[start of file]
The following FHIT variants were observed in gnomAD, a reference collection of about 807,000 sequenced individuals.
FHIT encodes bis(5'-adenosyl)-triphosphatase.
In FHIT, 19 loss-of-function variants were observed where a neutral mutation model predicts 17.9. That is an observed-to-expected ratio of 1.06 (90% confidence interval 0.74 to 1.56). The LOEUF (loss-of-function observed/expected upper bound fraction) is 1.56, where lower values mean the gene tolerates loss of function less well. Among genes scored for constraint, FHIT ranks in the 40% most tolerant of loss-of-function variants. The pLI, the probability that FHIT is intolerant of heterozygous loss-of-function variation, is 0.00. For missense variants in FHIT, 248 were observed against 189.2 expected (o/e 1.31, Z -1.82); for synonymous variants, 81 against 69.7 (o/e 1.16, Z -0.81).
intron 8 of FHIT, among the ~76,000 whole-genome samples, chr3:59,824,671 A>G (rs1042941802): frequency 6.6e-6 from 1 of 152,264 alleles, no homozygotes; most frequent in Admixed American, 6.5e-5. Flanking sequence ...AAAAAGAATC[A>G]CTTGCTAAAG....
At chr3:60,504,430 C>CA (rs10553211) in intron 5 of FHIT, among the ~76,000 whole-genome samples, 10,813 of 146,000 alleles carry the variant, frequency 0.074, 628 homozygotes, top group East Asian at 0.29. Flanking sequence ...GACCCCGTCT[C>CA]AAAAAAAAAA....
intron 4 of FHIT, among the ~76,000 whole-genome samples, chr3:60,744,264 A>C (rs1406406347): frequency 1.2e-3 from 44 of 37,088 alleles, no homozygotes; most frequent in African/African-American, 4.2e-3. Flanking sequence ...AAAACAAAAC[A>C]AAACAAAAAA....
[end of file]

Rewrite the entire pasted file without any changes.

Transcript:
The following FHIT variants were observed in gnomAD, a reference collection of about 807,000 sequenced individuals.
FHIT encodes bis(5'-adenosyl)-triphosphatase.
In FHIT, 19 loss-of-function variants were observed where a neutral mutation model predicts 17.9. That is an observed-to-expected ratio of 1.06 (90% confidence interval 0.74 to 1.56). The LOEUF (loss-of-function observed/expected upper bound fraction) is 1.56, where lower values mean the gene tolerates loss of function less well. Among genes scored for constraint, FHIT ranks in the 40% most tolerant of loss-of-function variants. The pLI, the probability that FHIT is intolerant of heterozygous loss-of-function variation, is 0.00. For missense variants in FHIT, 248 were observed against 189.2 expected (o/e 1.31, Z -1.82); for synonymous variants, 81 against 69.7 (o/e 1.16, Z -0.81).
intron 8 of FHIT, among the ~76,000 whole-genome samples, chr3:59,824,671 A>G (rs1042941802): frequency 6.6e-6 from 1 of 152,264 alleles, no homozygotes; most frequent in Admixed American, 6.5e-5. Flanking sequence ...AAAAAGAATC[A>G]CTTGCTAAAG....
At chr3:60,504,430 C>CA (rs10553211) in intron 5 of FHIT, among the ~76,000 whole-genome samples, 10,813 of 146,000 alleles carry the variant, frequency 0.074, 628 homozygotes, top group East Asian at 0.29. Flanking sequence ...GACCCCGTCT[C>CA]AAAAAAAAAA....
intron 4 of FHIT, among the ~76,000 whole-genome samples, chr3:60,744,264 A>C (rs1406406347): frequency 1.2e-3 from 44 of 37,088 alleles, no homozygotes; most frequent in African/African-American, 4.2e-3. Flanking sequence ...AAAACAAAAC[A>C]AAACAAAAAA....